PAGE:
Although I was fortunate enough to travel for over a month earlier this year to Pondicherry, which was a much-needed break. But now that we are amidst the second lockdown, I don’t know what this will bring. Screen time shoots up some days. Days seem to pass by without much happening. But I must say, I have come to acknowledge my privilege as an individual. So, I really can’t complain. I keep a small sketchbook with me to keep the practice alive in some form.

Does the new trend of online viewing rooms (OVRs) excite you? Are you okay with a completely online way of looking at art since you are a digital artist primarily?

I am not very aware of this new trend. Although Instagram throws ads sometimes. I have seen one online exhibition that a friend had forwarded to me. I didn’t know this was a trend though.

Now, since we are restricted physically, online isn’t a bad option. But nothing can match up to the viewing experience of seeing the original. You get a sense of the scale, the details, the energy put into it etc.

As for me working digitally, I also print my work. Some of my recent prints are sized 24”X36”. The pleasure of looking at these prints at scale is very different from viewing them digitally. Although the beauty and integrity of a work can still be felt digitally. I still awed when I look at old paintings online.

‘Balcao’, from ‘Scenes from a village’ series. Limited edition of 15 prints (2019)

Do you think digital artists have it easier? Or do you think there is too much digital clutter?

Certainly, yes… and no also. Let me explain. It is much easier to undo and redo on the computer. This allows for countless trial and error experiments in the process, which I feel is instrumental in creating good work personally.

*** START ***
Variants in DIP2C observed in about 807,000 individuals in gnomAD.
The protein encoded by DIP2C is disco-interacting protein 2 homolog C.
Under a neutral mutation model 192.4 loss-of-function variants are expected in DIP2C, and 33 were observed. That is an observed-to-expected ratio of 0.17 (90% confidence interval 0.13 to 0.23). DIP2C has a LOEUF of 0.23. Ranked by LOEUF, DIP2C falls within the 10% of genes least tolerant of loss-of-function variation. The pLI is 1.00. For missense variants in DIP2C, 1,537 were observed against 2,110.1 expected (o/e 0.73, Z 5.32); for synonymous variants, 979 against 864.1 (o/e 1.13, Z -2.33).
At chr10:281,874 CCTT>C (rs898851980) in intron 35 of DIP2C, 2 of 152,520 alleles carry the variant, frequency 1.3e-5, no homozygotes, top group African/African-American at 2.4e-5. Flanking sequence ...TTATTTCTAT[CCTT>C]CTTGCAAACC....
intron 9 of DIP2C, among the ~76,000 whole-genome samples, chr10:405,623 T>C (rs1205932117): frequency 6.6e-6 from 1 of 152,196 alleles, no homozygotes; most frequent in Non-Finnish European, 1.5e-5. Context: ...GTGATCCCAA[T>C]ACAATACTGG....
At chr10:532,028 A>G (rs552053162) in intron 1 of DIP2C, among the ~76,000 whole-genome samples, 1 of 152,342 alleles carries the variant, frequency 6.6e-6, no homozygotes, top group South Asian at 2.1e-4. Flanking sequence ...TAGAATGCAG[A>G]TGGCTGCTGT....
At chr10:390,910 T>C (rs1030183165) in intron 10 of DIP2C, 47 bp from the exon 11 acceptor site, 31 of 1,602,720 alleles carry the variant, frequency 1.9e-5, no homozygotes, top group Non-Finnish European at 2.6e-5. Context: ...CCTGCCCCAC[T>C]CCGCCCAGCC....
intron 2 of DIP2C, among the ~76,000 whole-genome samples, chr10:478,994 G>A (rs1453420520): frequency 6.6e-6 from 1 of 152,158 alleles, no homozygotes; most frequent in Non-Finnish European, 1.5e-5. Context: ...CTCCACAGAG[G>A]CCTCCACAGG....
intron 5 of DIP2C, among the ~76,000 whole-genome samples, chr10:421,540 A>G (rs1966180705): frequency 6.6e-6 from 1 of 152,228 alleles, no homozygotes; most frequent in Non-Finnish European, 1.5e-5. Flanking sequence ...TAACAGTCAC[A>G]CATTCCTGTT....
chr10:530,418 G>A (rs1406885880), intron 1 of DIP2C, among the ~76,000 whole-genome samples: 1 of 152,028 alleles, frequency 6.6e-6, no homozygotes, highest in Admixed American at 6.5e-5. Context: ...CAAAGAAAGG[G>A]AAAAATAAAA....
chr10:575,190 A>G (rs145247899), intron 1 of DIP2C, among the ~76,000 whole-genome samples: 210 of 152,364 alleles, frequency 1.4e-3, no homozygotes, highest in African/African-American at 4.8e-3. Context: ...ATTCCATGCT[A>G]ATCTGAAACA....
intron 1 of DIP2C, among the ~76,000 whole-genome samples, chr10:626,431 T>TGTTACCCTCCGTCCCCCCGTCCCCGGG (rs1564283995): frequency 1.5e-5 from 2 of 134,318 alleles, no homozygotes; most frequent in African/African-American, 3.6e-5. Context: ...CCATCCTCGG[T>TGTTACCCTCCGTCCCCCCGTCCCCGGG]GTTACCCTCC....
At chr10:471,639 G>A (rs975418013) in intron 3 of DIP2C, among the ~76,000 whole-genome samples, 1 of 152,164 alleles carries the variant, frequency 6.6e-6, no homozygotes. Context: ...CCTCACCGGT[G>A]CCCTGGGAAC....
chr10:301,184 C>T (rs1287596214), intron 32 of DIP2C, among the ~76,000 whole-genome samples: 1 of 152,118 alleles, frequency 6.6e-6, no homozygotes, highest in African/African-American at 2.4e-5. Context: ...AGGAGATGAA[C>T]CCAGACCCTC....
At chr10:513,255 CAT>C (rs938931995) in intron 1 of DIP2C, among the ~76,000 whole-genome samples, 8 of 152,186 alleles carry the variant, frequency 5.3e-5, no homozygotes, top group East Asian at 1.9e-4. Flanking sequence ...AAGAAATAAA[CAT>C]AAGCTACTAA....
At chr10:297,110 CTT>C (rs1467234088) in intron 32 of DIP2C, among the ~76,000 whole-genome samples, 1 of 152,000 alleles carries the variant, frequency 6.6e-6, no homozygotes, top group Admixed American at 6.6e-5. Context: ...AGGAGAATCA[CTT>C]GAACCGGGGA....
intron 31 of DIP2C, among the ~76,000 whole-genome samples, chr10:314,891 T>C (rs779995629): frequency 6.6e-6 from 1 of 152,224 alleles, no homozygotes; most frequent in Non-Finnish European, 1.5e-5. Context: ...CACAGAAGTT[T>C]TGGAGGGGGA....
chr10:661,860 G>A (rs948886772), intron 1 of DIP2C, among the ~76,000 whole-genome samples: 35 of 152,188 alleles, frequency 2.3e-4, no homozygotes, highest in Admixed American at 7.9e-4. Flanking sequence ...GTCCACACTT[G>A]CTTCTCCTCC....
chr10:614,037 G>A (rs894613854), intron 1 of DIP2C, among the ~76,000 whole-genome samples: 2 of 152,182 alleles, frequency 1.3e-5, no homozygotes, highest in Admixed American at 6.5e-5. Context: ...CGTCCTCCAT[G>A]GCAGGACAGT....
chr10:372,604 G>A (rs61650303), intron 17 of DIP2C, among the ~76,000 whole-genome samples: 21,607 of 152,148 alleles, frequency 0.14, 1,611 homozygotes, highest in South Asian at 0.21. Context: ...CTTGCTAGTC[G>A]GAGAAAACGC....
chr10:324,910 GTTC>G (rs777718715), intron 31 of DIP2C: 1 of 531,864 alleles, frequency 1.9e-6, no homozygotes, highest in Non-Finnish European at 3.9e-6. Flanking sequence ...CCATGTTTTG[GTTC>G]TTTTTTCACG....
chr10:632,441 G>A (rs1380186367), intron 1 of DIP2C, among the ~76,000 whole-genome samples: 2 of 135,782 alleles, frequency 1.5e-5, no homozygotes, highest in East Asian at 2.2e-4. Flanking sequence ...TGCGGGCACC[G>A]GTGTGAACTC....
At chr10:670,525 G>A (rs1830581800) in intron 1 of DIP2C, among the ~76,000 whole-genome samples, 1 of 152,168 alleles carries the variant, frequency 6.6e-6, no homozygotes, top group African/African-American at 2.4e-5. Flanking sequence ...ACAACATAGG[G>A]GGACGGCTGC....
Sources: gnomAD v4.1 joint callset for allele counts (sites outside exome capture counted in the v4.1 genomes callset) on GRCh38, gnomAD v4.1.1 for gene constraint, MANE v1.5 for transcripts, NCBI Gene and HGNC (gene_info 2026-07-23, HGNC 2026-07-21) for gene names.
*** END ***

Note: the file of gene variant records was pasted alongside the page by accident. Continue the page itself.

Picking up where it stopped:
‘Champa’, from ‘Goa on the surface’ series, illustrating the iterative process that digital enables

But you have to have the foundations and practice in place at the same time. If this isn’t there, then you will be constrained by what the tool has to offer. On the other hand, if your foundations are strong, you mould the tools to suit your purpose and not the other way round. But also with so many tools at disposal, it has become very easy for a lot more people to express themselves. In whatever form, which is nice.

What are you working on now?

I had created the first work inspired by my visit to Auroville earlier this year. But I haven’t put more work in the series since then. I should maybe.

A page from Praveen’s little sketchbook, with which he ensures his practice continues consistently.
A current work from an untitled series.

Currently though, I am only sketching and painting in my book. I also finished a painting that I had started last year. But that’s about it.

Are you open to collaborations?

Depends really. If I am collaborating with people have skill sets that I don’t, then definitely yes. Because it teaches something new which can be enriching. But it is nice to work individually by myself too. I feel my personal work is a journey to be taken alone.

‘AI and Cities’, a recent commission for a research paper

Is your work informed by other forms of art like music as writing? If yes, do you have an example?

I don’t think they inform my work directly. Other forms of art inform my understanding of the world, but I do not derive anything consciously from them into my work.

What does your day at the studio look like?

As much as I would like to have one, I don’t have a studio presently. I work on a small centre table. If I am painting, I mostly do so in the day.

As for having a routine, I do not subscribe to having one. Most often because I can’t keep up with it or I am bored with predictability. On the other hand, living organically, I do see patterns emerge that inform me about who I am, which is interesting. But as an artist, the only discipline I keep is to carry my sketchbook everywhere I go.